• Lindi J. Ezekowitz, D.D.S.
  • Rosalyn M. Sulyanto, D.M.D., MS

7 Graf Road
Suite 2A
Newburyport, MA 01950

(978) 462-2227

Dental Emergencies/Trauma

Dental trauma never happens at a convenient time, especially for children and young adults. If you have a dental emergency please call us at: (978) 462-2227

The information below will give you a brief overview of the most common types of dental injuries that we see:

Intrusion – An intrusion injury is one where a tooth or teeth are push inward toward the gum line. If your child has an intrusion injury or you suspect that they may have an intrusion injury, please contact us right away. Because the body begins the healing process rapidly, if an intruded tooth is not treated quickly, it may not be possible to move the tooth back to its original position if too much time has elapsed between the time of the injury and the time of treatment.

Luxation – a luxation is similar to an intrusion, except that in a luxation, the tooth is pushed forward or pushed backward. Once again, time is critical because if the tooth begins to heal in the moved position, we might not be able to reposition it.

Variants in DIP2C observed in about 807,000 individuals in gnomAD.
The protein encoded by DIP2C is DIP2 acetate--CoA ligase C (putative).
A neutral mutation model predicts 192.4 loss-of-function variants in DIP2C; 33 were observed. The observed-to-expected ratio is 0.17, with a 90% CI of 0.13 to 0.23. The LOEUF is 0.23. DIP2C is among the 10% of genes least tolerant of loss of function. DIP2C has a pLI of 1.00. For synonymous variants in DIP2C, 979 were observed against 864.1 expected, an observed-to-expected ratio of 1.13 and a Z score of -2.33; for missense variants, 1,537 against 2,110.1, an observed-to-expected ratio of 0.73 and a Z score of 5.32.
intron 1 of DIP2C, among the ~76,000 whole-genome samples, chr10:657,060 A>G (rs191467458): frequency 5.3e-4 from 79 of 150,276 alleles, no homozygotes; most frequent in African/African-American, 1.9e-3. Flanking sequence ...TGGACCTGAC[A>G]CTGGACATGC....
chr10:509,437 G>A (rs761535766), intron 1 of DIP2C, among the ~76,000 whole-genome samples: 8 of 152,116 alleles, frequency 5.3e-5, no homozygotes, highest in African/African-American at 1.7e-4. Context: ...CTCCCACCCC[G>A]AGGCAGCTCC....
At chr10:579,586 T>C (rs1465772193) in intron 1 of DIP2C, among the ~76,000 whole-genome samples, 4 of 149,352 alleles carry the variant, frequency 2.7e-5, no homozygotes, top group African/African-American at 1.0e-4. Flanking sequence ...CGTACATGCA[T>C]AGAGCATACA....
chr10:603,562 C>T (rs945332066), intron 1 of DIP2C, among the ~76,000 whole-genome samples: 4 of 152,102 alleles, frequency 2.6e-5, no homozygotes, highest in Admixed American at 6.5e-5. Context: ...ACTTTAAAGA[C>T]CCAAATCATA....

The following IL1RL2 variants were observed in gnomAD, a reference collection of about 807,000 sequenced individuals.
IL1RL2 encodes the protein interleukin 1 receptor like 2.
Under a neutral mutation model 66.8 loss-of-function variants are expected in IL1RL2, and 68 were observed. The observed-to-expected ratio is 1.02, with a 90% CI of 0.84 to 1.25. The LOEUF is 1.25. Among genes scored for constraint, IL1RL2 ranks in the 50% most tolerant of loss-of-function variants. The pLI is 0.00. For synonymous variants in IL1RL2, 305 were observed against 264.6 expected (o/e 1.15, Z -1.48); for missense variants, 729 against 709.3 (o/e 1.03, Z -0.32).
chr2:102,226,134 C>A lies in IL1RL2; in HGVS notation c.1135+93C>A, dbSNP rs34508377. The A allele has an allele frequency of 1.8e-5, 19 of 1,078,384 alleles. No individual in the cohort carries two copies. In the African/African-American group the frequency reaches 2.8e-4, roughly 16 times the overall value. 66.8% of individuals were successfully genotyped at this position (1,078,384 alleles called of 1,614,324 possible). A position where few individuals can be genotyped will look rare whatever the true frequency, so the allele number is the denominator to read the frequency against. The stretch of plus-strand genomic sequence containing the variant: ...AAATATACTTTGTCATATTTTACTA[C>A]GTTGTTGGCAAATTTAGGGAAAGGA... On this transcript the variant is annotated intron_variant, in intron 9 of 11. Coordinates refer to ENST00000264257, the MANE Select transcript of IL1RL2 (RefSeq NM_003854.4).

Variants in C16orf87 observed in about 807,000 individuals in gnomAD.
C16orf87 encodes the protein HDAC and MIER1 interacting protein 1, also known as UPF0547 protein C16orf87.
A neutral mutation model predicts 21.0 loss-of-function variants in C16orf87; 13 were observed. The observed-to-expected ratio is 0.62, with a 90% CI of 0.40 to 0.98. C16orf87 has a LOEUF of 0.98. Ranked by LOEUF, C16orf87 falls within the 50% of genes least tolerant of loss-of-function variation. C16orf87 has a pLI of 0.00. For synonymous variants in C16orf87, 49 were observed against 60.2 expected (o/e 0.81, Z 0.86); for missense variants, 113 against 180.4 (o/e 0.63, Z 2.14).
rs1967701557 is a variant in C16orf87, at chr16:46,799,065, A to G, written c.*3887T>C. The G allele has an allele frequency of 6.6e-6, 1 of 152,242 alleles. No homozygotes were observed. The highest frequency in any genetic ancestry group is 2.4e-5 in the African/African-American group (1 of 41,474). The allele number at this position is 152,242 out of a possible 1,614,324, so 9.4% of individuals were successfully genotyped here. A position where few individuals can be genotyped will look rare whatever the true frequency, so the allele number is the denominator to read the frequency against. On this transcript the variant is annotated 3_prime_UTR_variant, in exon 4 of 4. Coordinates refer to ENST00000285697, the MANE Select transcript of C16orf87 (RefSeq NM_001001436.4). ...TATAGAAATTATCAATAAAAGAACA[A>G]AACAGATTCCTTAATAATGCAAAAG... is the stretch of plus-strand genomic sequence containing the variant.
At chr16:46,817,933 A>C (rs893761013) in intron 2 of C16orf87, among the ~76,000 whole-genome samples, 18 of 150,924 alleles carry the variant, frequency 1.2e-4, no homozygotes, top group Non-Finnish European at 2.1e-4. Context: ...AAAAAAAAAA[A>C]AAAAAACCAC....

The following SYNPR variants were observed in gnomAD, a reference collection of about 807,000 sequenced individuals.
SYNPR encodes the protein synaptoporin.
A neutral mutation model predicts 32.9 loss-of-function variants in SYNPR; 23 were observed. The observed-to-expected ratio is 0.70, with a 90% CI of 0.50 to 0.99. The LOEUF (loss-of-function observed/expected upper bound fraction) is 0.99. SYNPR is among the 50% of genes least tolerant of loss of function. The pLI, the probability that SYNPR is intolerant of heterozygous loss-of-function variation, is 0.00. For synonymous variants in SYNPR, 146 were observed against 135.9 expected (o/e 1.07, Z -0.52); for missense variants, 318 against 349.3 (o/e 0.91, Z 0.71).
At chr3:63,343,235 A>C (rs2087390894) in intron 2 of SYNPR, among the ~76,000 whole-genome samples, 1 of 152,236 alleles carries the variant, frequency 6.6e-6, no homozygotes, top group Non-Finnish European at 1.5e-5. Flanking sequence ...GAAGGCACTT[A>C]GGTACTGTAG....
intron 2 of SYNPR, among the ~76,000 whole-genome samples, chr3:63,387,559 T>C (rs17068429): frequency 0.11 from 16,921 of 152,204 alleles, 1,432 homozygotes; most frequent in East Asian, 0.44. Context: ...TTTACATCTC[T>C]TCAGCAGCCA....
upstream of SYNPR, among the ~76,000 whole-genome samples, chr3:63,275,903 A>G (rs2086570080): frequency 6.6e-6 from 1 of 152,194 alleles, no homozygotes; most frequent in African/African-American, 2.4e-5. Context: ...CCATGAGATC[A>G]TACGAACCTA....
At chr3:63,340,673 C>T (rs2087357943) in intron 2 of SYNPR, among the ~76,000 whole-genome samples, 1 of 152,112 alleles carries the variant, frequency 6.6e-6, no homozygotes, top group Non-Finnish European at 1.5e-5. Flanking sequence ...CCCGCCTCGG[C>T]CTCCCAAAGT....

Avulsion – an avulsion is the situation where a tooth has been knocked out completely. If a tooth is avulsed, please contact us immediately. If the tooth is dirty (e.g. is has fallen in the mud) – do not wash the tooth and do not scrub or clean the tooth off. In this situation, place the tooth in milk or in saliva in a cup if milk is not available. If the tooth is clean (e.g. it has fallen in the grass) you can attempt to replace the tooth in the socket. If the tooth slides in easily, you can hold the tooth in place until you see us for treatment. If the tooth does not slide in easily, do not force the tooth.

Please note that even with quick and early treatment, avulsed teeth usually have a very poor long-term prognosis and will often need to be extracted and restored with another treatment modality such as a dental implant or a fixed bridge.

Fractured teeth